Two Months With My Godin A4 Ultra Natural Semi-Acoustic Bass – How Much Do I Love It?
I absolutely LOVE this bass. It’s not perfect, and I’ll get into that, but it’s one of those instruments that I will never part with. How’s that for a statement of love?
OK, the first the most obvious negative: the guitar has terrific electronics with L.R. Baggs Piezo and a very sleek, low profile Lace pickup – that doesn’t sound like a negative yet – it also has some neat EQ controls on the upper bout of the soundboard, but there a bit difficult to figure out exactly how to use them. So you have to refer to the owner’s manual. This wouldn’t be a real problem if there was an owner’s manual, but there doesn’t seem to be one.
If you go to Godin’s web site (www.godinguitars.com) you’ll see a very impressive web site featuring the different instrument and amp brands in the Godin family, and you can download owner’s manuals. The manuals that exist that is. As I reviewed the list of downloadable manuals, the A4 / A5 weren’t there. Being a fan of Godin and Seagull Guitars, I noticed a number of models didn’t have owner’s manuals. They make great guitars, you’d think they could produce a mediocre manual.
Is that all for the negatives? Well, no. I’m not sure if this is a negative or just a fact to be aware of with this bass. It’s quite heavy. As heavy as a a maple solid body and that’s not what you’d expect with an acoustic or semi-acoustic bass. The back and sides are chambered, silver leaf maple and so if you expect a light ride for your shoulder, this isn’t the guitar for you. If the normal weight of a bass isn’t an issue, this won’t be a problem for you.
One more cautionary note: strap locks are a much for this bass. I’m not sure if it’s the strap buttons, or the distribution of the weight, but this bass just shed straps and strap locks will cure that. I use a simple cam strap lock available at Stewart MacDonald (www.stewmac.com) whichis a great resource for all sorts of part, tools and supplies. These cam locks are inexpensive, pop on neatly and off neatly and require absolutely no installation or modification of the guitar. Dunlop has a great strap lock system too available everywhere.
Now for the many positive things about this beautiful instrument. Well, it’s beautiful. The top wood is either solid cedar or solid spruce (depending on the model, mine is solid spruce), the neck is maple, the fingerboard is ebony on the fretless (which is what I have) and rosewood on the fretted model. The look is understated, classic and very distinctive.
The playability is nothing shy of magnificent. On the fretless model, the flatwound stings give this bass guitar a sound that is so similar to the upright bass. The instrument is very well balanced. The neck is a slim 1.5” at the neck and the fingerboard radius of 16” is a bit flatter than I’m used to, but very easy to work with. Your hands will love this bass.
The sound is amazing. Mine has an L.R. Baggs transducer and as I’m a fan of Godin, I’m also a big fan of L.R. Baggs – who by the way has great customer service if you need help with any L.R. Baggs product, you get to actually speak to a knowledgeable human. It picks up the acoustics flawlessly. My A4 also has the Lace low profile pickup which adds great depth and punch when needed.
With the flatwound strings, no frets and a great, slim neck, I move up and down with ease, get a great “thumpy” string bass sound and slide to get a sound like a trombone – fun and cool. I usually play this bass through my Yamaha EMX512SC mixer with nothing but excellent results. Whe I use an amp, I think I get the best results with a Genz Benz Shenendoah Jr. even though it’s an acoustic amp, it’s very versatile and the A4 plays great through that. There are separate ¼” inputs for a mixer and an amp on the A4 and that specialization seems to make a big difference. There also a 13 pin port so you can play through a synthesizer. I haven’t tried that yet and based on my history with high tech, I’ll hand it over to one of my technologically inclined friends for that. But it’s there and it can give you an incredible range of tonal possibilities.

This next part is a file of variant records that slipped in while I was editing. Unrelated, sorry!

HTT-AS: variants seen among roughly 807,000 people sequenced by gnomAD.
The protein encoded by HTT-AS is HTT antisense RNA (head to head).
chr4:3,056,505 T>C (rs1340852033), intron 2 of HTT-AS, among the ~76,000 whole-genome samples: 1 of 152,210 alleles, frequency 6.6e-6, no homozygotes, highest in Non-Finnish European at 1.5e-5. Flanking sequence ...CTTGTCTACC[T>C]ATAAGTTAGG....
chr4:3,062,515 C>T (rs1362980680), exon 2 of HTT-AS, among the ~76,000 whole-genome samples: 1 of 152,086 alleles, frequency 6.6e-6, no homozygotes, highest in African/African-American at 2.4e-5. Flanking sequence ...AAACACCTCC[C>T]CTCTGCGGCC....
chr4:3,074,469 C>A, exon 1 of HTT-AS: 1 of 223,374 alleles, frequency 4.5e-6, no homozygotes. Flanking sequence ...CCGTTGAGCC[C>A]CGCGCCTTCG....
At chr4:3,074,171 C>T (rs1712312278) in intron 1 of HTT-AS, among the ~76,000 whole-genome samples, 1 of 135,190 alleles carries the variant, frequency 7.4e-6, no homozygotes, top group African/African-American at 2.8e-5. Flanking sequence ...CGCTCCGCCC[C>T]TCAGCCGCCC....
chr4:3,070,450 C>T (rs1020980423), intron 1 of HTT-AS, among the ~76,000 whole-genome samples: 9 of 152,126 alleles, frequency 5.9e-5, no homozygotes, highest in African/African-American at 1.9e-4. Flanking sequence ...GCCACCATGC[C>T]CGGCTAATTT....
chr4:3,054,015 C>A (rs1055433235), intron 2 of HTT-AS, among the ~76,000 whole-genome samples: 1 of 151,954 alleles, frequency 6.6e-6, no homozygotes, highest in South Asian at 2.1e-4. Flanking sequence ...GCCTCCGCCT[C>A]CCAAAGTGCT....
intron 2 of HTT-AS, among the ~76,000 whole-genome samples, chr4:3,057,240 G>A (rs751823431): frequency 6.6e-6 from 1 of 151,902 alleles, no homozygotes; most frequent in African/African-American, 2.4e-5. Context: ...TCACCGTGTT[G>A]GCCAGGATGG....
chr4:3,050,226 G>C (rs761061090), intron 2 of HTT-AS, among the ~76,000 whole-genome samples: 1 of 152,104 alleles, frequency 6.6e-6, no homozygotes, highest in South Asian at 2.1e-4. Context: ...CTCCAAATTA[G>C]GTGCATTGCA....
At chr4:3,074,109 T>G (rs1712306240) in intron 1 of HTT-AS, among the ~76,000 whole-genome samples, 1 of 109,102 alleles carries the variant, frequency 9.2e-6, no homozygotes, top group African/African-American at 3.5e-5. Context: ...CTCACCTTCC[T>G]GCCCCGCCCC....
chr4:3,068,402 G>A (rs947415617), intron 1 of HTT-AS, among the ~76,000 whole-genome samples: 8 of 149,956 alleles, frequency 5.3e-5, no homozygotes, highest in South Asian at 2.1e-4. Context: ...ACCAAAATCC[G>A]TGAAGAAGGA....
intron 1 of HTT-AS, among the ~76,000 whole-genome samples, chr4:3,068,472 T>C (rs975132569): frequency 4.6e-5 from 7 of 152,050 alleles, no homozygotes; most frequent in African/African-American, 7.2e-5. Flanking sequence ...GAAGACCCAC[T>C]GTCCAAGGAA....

Among the issues of sound, is a sound that this bass never makes: feedback. This is amazing to me. Having played acoustic basses, the big hollow bodies are a breeding ground for feedback. I’ve never had any feedback, not when playing right next to my amp, pointing the guitar toward a speaker or on a loud stage. Feedback is simply not a problem with the Godin A4.
The base model Godn A4 starts at around $1,170 anwhere with the 5 string version being about $50 more. It does up the Ultra, which sells everywhere for $1,245. If you’re in the market to buy one, I suggest you contact Musicians Buy (www.musiciansbuy.com) , call Bob and get a quote from him. I’ve dealt with Bob, he’s knows what he’s talking about, he’s honest in his dealings and he’ll get you a great price. They aren’t affiliates on this site, I get no fee from them, but it’s the truth. Musicians Buy doesn’t have every brand, in fact they’re a bit limited for an online retailer, but they have great brands at great prices and they’ll get it if they don’t have it in stock.
The last time I checked Musicians Buy did have a fretted A4 (basic model) on a closeout for an incredible $688. I haven’t seen any price close to that on a new A4.
If you’re looking for an acoustic bass, don’t overlook this unique instrument. And after you try it, let me know what you think about it.
This blog is Prof Dave’s Guitar and Bass Buying Advice. If you have a guitar or bass and you’d like to post an opinion, please write to me at firstname.lastname@example.org – if you disagree with my opinion or have an opinion or review on an instrument I haven’t reviewed, as long as it isn’t too foul (language that is) I’ll post it. I’d love to hear from all you guitar & bass heads. Prof. Dave